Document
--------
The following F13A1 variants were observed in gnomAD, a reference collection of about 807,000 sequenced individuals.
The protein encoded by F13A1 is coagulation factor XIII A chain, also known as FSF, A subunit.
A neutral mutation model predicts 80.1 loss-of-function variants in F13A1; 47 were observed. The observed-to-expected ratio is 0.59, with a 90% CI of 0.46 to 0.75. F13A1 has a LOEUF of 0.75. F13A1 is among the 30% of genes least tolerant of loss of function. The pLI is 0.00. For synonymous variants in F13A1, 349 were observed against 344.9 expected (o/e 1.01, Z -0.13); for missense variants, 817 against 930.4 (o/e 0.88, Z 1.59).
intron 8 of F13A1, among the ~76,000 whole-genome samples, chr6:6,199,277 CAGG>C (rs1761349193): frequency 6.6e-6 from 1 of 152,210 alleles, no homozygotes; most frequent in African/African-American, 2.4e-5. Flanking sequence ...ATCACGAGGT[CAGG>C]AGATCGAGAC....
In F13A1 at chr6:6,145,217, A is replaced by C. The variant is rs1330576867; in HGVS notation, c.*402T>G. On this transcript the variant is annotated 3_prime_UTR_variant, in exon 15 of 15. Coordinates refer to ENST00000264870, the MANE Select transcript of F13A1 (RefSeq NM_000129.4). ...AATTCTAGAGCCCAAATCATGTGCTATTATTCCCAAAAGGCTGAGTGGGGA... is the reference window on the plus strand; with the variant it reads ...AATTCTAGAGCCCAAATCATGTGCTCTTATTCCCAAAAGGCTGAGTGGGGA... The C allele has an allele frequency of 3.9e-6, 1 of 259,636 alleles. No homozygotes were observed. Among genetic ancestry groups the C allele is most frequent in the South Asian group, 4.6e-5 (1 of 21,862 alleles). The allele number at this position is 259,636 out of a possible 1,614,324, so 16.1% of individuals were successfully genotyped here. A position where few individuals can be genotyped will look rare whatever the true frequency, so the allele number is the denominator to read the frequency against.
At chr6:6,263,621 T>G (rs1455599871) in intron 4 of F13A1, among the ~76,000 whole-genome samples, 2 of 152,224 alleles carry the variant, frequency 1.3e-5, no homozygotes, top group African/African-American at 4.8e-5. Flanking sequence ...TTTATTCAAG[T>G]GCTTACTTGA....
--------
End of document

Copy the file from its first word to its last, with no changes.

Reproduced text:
The following F13A1 variants were observed in gnomAD, a reference collection of about 807,000 sequenced individuals.
The protein encoded by F13A1 is coagulation factor XIII A chain, also known as FSF, A subunit.
A neutral mutation model predicts 80.1 loss-of-function variants in F13A1; 47 were observed. The observed-to-expected ratio is 0.59, with a 90% CI of 0.46 to 0.75. F13A1 has a LOEUF of 0.75. F13A1 is among the 30% of genes least tolerant of loss of function. The pLI is 0.00. For synonymous variants in F13A1, 349 were observed against 344.9 expected (o/e 1.01, Z -0.13); for missense variants, 817 against 930.4 (o/e 0.88, Z 1.59).
intron 8 of F13A1, among the ~76,000 whole-genome samples, chr6:6,199,277 CAGG>C (rs1761349193): frequency 6.6e-6 from 1 of 152,210 alleles, no homozygotes; most frequent in African/African-American, 2.4e-5. Flanking sequence ...ATCACGAGGT[CAGG>C]AGATCGAGAC....
In F13A1 at chr6:6,145,217, A is replaced by C. The variant is rs1330576867; in HGVS notation, c.*402T>G. On this transcript the variant is annotated 3_prime_UTR_variant, in exon 15 of 15. Coordinates refer to ENST00000264870, the MANE Select transcript of F13A1 (RefSeq NM_000129.4). ...AATTCTAGAGCCCAAATCATGTGCTATTATTCCCAAAAGGCTGAGTGGGGA... is the reference window on the plus strand; with the variant it reads ...AATTCTAGAGCCCAAATCATGTGCTCTTATTCCCAAAAGGCTGAGTGGGGA... The C allele has an allele frequency of 3.9e-6, 1 of 259,636 alleles. No homozygotes were observed. Among genetic ancestry groups the C allele is most frequent in the South Asian group, 4.6e-5 (1 of 21,862 alleles). The allele number at this position is 259,636 out of a possible 1,614,324, so 16.1% of individuals were successfully genotyped here. A position where few individuals can be genotyped will look rare whatever the true frequency, so the allele number is the denominator to read the frequency against.
At chr6:6,263,621 T>G (rs1455599871) in intron 4 of F13A1, among the ~76,000 whole-genome samples, 2 of 152,224 alleles carry the variant, frequency 1.3e-5, no homozygotes, top group African/African-American at 4.8e-5. Flanking sequence ...TTTATTCAAG[T>G]GCTTACTTGA....